At first glance, it’s easy to dismiss Borat: Cultural Learnings of America for Make Benefit Glorious Nation of Kazakhstan as an important movie because of its popularity (as well as the length of that subtitle). Not that anything is wrong with being popular, it’s just tempting in hindsight to attribute the movie’s success more to controversy, rather than the movie being as funny as it is.
What originated as an afterthought to Cohen’s more popular character at the time, Ali G, “Borat” as a character found huge success on the big screen as an eccentric reporter who acts in character around real people. Most of what makes Borat funny is the give and take between Cohen and his real-time American costars, who think he really is an offensive man from Kazakhstan (much to that country’s disdain).
In 2006, it was still unpopular to satire perceived greatness of America (Newsroom wouldn’t upend this accepted belief for several years). Yet Borat struck a chord with audiences on both sides of the political spectrum for how accessible its jokes were without polarizing one side. Then again, you don’t have to be either conservative or liberal to think stuffing Pamela Anderson in a wedding sack is funny.
And that’s perhaps because the embarrassment of Americans on the street aspect of the film is joined by some more neutral observations of blue-collar folk. The fact that these people are sometimes polite to a fault when dealing with foreigners says just as much about America as what they get offended by.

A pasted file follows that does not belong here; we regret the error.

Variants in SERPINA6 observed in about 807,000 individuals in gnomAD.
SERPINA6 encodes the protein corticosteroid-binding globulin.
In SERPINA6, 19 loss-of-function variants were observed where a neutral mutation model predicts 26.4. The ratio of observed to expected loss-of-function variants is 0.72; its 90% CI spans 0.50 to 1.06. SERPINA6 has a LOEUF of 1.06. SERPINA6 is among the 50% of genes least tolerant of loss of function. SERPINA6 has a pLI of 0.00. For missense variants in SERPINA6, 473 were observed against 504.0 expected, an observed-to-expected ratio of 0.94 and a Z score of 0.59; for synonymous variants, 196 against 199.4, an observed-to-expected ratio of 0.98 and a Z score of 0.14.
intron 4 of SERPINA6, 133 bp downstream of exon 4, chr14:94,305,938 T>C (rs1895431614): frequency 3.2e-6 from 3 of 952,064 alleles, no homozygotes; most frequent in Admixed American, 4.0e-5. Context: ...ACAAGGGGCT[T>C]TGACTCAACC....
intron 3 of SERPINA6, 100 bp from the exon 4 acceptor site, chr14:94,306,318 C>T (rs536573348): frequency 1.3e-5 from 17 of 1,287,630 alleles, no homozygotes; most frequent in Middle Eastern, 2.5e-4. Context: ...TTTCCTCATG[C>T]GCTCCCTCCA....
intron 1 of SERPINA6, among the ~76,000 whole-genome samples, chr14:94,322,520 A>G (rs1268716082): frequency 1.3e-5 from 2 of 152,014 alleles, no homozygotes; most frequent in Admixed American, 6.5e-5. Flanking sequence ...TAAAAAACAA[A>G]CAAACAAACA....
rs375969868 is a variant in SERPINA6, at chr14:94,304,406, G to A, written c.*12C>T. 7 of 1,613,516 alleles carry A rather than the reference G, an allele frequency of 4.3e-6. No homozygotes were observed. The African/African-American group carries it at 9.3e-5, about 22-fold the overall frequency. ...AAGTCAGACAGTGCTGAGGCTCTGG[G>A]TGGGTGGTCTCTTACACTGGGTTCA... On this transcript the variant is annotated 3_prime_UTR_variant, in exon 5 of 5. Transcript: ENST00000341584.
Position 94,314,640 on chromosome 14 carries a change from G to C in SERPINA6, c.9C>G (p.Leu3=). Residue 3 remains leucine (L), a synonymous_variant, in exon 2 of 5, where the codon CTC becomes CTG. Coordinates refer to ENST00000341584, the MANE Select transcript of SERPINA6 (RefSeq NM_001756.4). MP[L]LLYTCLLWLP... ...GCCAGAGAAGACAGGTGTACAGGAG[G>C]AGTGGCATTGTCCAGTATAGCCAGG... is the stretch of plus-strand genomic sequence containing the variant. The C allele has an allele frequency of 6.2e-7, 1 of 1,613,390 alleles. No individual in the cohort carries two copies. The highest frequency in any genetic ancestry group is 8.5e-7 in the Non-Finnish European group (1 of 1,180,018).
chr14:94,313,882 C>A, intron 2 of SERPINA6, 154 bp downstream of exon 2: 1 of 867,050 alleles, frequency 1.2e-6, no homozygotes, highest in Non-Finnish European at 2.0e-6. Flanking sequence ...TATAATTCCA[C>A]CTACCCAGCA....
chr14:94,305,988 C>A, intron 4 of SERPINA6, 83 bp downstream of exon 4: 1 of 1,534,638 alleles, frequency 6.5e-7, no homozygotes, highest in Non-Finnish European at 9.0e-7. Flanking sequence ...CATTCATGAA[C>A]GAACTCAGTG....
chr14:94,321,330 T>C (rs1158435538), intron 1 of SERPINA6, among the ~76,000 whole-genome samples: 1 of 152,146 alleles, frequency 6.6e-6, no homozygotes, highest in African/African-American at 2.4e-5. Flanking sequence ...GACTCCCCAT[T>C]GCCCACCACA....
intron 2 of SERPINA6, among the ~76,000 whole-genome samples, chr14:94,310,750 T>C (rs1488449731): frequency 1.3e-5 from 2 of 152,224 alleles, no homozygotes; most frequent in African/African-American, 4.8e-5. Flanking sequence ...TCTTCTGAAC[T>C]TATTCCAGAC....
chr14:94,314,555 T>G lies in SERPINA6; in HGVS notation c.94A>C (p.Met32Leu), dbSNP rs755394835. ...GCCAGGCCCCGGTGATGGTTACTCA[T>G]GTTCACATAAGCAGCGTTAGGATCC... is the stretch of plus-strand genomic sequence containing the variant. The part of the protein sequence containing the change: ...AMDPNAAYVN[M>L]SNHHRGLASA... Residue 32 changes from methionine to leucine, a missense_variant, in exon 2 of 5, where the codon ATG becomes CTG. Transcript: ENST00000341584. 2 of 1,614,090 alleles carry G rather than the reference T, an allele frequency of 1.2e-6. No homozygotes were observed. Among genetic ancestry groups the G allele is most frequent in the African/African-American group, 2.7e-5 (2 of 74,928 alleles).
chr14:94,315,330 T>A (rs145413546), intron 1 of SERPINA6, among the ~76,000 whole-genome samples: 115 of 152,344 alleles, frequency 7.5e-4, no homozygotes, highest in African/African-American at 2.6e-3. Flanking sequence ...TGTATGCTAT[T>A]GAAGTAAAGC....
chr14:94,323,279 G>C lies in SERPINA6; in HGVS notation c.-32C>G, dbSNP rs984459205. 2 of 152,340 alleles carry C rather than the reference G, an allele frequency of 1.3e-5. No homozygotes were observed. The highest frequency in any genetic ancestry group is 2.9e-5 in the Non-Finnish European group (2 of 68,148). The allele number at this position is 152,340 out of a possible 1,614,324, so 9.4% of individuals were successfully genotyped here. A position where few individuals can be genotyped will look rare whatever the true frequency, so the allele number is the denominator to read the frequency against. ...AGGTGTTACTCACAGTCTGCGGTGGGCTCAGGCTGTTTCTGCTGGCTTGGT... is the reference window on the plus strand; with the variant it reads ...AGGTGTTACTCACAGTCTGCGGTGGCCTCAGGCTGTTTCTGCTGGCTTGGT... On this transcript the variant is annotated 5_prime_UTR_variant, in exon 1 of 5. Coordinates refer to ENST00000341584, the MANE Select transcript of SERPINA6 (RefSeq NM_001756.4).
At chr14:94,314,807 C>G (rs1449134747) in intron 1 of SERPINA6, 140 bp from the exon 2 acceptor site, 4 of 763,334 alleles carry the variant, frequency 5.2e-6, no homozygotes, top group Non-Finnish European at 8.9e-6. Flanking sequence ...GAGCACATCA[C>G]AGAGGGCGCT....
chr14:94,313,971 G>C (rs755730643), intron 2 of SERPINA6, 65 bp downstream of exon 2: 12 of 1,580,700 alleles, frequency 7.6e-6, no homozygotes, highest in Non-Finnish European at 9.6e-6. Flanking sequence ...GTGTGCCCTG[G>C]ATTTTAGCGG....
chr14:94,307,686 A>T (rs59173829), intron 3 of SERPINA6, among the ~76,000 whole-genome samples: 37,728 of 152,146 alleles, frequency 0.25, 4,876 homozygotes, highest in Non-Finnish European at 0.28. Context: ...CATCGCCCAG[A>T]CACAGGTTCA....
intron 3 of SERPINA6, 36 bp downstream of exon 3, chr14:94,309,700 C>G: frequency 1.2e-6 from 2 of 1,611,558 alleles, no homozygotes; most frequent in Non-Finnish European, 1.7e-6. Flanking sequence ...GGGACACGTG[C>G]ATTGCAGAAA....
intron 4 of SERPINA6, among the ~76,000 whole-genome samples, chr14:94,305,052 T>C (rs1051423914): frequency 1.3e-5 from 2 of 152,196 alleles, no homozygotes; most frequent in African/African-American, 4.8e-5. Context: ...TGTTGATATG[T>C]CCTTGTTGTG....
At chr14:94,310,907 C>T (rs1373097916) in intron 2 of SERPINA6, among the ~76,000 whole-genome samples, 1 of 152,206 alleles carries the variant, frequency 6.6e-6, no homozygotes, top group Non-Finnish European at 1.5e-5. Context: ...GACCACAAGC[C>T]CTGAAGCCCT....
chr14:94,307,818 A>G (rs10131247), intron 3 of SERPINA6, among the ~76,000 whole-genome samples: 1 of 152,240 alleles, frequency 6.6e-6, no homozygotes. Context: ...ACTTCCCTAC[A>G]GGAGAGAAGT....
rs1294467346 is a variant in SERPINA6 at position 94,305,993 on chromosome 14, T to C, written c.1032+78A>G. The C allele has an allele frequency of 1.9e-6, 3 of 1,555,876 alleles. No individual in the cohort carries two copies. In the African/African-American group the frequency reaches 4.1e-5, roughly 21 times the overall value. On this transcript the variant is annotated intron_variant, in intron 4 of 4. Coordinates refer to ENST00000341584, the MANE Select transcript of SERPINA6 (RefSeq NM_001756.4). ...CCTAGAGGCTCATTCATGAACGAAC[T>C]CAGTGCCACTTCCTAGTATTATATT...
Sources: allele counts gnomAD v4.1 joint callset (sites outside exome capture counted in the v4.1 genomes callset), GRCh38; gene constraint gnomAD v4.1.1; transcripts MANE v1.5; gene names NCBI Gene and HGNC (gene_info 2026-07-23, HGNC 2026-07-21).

Cohen himself does some of his best work here, and just off the success of his character in one of Will Farrell’s best films, Talladega Nights. His performance and commitment to his persona is obviously impressive, but that’s not even mentioning the rapid-fire wit he brings to the movie, even during some of the staged scenes.
Because of this, I find it nearly impossible to peg the movie’s genius on any one thing. The jokes are hilarious, but in the least impressive way. Cohen is a smarter actor here than I think he gets credit for, but that might only be a result of how dumb everything is around him.
Without much of a plot to bring into the discussion, that just leaves the concept itself to decide whether or not Borat truly is one of the most essential comedies of the new millennium. Based on that criteria, I hesitate to make that assumption, especially considering how lackluster Cohen’s followups have been since. While it’s unfair to judge Borat on any of his other films, it’s still helpful to hold them up as proof that Borat isn’t quite the masterpiece we thought it would be ten years ago.
I won’t be catching Brothers Grimsby (or just Grimsby) this weekend, but we’ll no doubt cover the movie in this week’s podcast. Since The Dictator, I’ve all but given up on Cohen’s comedy, despite the fact that the man is one of the smartest comedians out there if you’re not judging this by his work alone.
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8 thoughts on “Retronalysis: Sacha Baron Cohen is the Only Great Thing About ‘Borat’”
lol I completely agree, but I think Sacha Baron Cohen is a pretty horrendous actor and his humor isn’t my type.
(Note: I’m not sure if my language (as metered as I’m trying to make it) is acceptable for your site. I have described some of the scenes with more details than you seem to have done.)